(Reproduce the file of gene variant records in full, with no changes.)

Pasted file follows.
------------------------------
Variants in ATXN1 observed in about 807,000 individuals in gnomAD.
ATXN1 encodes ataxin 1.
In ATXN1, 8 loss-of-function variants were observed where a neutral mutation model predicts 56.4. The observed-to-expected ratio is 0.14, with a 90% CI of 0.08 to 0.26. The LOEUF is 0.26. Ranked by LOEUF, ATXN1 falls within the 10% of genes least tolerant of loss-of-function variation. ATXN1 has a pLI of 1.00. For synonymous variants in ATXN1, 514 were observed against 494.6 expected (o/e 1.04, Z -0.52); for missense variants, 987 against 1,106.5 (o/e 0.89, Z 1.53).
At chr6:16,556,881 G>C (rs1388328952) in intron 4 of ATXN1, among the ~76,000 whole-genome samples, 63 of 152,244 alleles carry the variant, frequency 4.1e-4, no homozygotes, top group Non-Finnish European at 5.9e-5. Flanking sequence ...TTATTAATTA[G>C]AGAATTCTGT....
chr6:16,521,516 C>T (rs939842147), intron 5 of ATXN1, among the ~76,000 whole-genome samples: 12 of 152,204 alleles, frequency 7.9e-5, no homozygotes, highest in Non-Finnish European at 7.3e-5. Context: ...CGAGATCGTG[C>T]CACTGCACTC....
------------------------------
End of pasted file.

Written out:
Variants in ATXN1 observed in about 807,000 individuals in gnomAD.
ATXN1 encodes ataxin 1.
In ATXN1, 8 loss-of-function variants were observed where a neutral mutation model predicts 56.4. The observed-to-expected ratio is 0.14, with a 90% CI of 0.08 to 0.26. The LOEUF is 0.26. Ranked by LOEUF, ATXN1 falls within the 10% of genes least tolerant of loss-of-function variation. ATXN1 has a pLI of 1.00. For synonymous variants in ATXN1, 514 were observed against 494.6 expected (o/e 1.04, Z -0.52); for missense variants, 987 against 1,106.5 (o/e 0.89, Z 1.53).
At chr6:16,556,881 G>C (rs1388328952) in intron 4 of ATXN1, among the ~76,000 whole-genome samples, 63 of 152,244 alleles carry the variant, frequency 4.1e-4, no homozygotes, top group Non-Finnish European at 5.9e-5. Flanking sequence ...TTATTAATTA[G>C]AGAATTCTGT....
chr6:16,521,516 C>T (rs939842147), intron 5 of ATXN1, among the ~76,000 whole-genome samples: 12 of 152,204 alleles, frequency 7.9e-5, no homozygotes, highest in Non-Finnish European at 7.3e-5. Context: ...CGAGATCGTG[C>T]CACTGCACTC....